The principle of the modern computer was proposed by Alan Turing in his seminal 1936 paper, On Computable Numbers. Turing proposed a simple device that he called “Universal Computing machine” and that is now known as a universal Turing machine. He proved that such a machine is capable of computing anything that is computable by executing instructions (program) stored on tape, allowing the machine to be programmable. The fundamental concept of Turing’s design is the stored program, where all the instructions for computing are stored in memory. Von Neumann acknowledged that the central concept of the modern computer was due to this paper. Turing machines are to this day a central object of study in theory of computation. Except for the limitations imposed by their finite memory stores, modern computers are said to be Turing-complete, which is to say, they have algorithm execution capability equivalent to a universal Turing machine.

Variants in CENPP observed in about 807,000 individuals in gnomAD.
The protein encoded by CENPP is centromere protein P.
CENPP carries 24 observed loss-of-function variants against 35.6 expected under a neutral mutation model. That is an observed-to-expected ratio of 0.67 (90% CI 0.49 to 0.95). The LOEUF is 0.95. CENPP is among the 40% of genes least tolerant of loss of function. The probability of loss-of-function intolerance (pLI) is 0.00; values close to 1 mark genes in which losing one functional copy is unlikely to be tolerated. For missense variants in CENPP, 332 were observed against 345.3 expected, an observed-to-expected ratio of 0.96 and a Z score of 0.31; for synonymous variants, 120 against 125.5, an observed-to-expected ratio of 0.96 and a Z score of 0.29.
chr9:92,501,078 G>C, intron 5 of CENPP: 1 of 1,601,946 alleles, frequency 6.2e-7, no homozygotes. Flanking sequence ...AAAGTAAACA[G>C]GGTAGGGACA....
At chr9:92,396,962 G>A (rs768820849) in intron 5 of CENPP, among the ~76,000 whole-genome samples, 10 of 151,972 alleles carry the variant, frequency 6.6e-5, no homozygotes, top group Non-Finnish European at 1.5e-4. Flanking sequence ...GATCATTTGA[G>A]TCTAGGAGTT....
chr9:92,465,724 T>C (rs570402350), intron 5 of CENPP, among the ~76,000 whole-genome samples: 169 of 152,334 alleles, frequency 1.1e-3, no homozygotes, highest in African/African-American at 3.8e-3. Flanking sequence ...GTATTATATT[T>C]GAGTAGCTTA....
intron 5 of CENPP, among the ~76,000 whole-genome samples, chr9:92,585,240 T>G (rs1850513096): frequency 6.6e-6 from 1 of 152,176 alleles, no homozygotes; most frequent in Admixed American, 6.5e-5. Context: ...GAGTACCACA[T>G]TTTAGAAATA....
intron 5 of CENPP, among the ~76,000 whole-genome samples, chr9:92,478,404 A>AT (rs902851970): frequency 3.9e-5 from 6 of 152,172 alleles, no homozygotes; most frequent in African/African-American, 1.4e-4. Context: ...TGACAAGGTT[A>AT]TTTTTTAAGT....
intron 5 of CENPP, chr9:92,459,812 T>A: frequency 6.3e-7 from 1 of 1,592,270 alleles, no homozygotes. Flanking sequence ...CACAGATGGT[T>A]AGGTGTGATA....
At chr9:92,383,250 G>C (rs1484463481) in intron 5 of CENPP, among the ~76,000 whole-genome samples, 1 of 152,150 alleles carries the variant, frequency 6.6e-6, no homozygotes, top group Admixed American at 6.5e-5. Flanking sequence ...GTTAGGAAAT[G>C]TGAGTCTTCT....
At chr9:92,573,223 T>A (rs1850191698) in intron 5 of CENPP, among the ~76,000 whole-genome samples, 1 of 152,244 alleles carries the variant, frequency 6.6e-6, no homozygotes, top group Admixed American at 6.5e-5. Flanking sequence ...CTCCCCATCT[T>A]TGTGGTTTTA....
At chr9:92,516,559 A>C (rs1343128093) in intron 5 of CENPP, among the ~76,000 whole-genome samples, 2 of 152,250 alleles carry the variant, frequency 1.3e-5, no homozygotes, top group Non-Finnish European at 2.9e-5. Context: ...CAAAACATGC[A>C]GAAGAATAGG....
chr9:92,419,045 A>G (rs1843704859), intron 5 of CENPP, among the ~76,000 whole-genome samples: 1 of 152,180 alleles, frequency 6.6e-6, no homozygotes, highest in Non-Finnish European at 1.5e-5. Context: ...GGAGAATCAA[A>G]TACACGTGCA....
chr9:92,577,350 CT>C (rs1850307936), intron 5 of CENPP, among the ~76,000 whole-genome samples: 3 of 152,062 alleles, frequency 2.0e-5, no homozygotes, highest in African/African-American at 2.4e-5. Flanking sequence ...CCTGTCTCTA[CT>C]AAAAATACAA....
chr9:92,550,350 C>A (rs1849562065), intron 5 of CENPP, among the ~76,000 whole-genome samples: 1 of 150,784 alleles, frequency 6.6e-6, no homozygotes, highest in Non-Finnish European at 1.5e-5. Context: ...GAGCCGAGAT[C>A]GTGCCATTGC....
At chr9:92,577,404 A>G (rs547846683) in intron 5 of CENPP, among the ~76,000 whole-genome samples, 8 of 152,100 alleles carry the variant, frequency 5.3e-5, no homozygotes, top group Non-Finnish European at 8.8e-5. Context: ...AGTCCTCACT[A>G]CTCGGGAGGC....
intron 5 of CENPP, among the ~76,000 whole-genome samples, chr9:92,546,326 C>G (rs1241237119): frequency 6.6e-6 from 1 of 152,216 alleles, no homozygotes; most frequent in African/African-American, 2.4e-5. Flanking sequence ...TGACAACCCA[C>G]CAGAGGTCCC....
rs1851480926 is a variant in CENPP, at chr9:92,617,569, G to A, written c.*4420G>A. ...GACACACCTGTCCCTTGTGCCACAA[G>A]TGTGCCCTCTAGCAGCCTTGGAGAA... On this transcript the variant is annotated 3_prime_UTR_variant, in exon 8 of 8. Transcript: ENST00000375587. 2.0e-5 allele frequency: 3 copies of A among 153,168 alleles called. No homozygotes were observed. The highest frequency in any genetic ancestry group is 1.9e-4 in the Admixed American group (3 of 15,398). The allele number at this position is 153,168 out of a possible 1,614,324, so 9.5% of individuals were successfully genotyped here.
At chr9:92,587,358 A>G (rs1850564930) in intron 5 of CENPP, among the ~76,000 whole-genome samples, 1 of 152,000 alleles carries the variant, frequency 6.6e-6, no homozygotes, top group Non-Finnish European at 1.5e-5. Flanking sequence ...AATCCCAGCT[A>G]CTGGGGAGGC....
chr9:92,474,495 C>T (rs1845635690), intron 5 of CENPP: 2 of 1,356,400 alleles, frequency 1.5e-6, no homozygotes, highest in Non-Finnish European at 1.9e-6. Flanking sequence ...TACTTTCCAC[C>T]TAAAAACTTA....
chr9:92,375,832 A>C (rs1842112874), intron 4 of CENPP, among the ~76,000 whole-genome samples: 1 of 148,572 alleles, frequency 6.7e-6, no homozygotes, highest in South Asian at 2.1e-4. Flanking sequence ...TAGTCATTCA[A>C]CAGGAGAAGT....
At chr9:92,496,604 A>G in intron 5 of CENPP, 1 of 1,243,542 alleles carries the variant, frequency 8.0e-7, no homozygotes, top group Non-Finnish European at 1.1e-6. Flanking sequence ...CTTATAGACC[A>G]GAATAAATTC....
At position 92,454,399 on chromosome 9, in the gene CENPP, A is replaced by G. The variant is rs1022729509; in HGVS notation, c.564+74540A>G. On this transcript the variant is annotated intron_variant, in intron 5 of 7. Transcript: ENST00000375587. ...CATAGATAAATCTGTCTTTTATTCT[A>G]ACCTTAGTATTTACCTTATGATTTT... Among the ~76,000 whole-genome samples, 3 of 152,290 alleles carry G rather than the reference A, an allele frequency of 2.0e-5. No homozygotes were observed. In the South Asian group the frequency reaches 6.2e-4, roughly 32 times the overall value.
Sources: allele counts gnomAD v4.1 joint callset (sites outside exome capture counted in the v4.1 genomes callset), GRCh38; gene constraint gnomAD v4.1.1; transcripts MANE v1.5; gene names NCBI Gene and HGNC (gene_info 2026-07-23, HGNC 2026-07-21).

Mobile computers become dominant
With the continued miniaturization of computing resources, and advancements in portable battery life, portable computers grew in popularity in the 2000s. The same developments that spurred the growth of laptop computers and other portable computers allowed manufacturers to integrate computing resources into cellular phones. These so-called smartphones and tablets run on a variety of operating systems and have become the dominant computing device on the market, with manufacturers reporting having shipped an estimated 237 million devices in 2Q 2013.